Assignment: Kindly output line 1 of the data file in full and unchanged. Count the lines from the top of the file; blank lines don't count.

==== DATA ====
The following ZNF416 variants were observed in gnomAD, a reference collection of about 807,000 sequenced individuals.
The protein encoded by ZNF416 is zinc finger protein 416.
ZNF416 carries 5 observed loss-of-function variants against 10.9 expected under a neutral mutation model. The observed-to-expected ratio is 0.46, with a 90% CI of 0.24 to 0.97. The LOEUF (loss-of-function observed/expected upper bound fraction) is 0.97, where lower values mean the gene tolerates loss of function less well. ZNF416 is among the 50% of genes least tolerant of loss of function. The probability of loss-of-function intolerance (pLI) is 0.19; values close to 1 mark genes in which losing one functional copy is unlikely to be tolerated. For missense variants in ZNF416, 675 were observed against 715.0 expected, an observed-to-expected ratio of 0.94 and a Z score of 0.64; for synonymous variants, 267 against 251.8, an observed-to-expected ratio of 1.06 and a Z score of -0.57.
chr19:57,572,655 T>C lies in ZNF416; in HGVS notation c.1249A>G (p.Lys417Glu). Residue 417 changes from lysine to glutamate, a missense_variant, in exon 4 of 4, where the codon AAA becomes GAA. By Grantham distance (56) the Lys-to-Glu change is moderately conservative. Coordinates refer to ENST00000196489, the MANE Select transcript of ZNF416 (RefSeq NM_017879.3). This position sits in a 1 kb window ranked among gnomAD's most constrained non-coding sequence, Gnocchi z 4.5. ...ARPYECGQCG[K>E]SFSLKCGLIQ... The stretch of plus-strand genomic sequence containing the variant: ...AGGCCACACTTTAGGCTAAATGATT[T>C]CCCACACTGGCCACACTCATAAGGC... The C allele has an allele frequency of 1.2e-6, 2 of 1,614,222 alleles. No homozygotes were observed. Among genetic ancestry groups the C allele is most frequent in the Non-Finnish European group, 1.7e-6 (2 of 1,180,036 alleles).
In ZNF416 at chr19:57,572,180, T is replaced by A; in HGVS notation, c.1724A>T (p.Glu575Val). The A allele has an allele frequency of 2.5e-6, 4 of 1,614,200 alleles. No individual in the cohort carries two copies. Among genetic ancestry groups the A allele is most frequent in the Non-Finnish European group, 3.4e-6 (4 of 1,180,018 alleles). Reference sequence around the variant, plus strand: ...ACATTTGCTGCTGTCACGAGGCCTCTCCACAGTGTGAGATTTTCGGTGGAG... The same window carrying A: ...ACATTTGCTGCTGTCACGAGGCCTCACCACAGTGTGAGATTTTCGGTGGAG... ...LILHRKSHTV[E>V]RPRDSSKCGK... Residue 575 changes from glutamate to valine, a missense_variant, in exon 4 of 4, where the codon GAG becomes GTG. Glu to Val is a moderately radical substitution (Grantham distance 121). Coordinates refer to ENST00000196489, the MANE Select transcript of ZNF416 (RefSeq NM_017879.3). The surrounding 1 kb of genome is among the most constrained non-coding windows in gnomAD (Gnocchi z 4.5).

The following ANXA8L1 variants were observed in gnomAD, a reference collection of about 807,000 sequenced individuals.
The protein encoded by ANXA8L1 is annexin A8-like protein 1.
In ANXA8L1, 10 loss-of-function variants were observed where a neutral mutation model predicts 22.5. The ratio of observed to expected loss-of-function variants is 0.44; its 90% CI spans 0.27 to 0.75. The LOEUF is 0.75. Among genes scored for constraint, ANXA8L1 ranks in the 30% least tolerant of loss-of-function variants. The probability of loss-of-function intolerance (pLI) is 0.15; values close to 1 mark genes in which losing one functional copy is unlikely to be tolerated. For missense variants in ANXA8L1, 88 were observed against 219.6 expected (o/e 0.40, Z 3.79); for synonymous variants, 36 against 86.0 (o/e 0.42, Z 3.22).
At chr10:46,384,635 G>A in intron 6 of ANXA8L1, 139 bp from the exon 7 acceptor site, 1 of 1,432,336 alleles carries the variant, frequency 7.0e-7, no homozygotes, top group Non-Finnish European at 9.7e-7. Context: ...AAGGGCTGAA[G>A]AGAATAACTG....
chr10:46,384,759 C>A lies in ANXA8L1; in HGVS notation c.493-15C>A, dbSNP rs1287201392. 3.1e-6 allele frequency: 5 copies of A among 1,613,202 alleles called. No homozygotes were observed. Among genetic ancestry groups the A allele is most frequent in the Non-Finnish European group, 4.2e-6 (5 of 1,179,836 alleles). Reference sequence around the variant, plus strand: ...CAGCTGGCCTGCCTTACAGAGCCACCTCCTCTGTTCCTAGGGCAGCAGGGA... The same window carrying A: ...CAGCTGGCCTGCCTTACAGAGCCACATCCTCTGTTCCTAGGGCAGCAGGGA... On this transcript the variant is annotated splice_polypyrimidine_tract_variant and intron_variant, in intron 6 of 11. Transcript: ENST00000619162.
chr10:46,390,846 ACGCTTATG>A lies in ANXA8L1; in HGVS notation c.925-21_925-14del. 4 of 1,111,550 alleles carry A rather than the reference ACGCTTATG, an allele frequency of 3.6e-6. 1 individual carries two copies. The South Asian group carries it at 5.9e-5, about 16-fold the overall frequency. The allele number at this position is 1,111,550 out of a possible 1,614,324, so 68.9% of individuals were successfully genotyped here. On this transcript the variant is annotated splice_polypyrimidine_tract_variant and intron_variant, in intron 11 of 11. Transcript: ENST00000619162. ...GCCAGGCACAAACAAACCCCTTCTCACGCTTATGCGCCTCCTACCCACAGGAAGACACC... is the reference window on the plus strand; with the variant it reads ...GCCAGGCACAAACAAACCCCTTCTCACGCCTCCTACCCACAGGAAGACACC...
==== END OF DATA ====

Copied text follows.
The following ZNF416 variants were observed in gnomAD, a reference collection of about 807,000 sequenced individuals.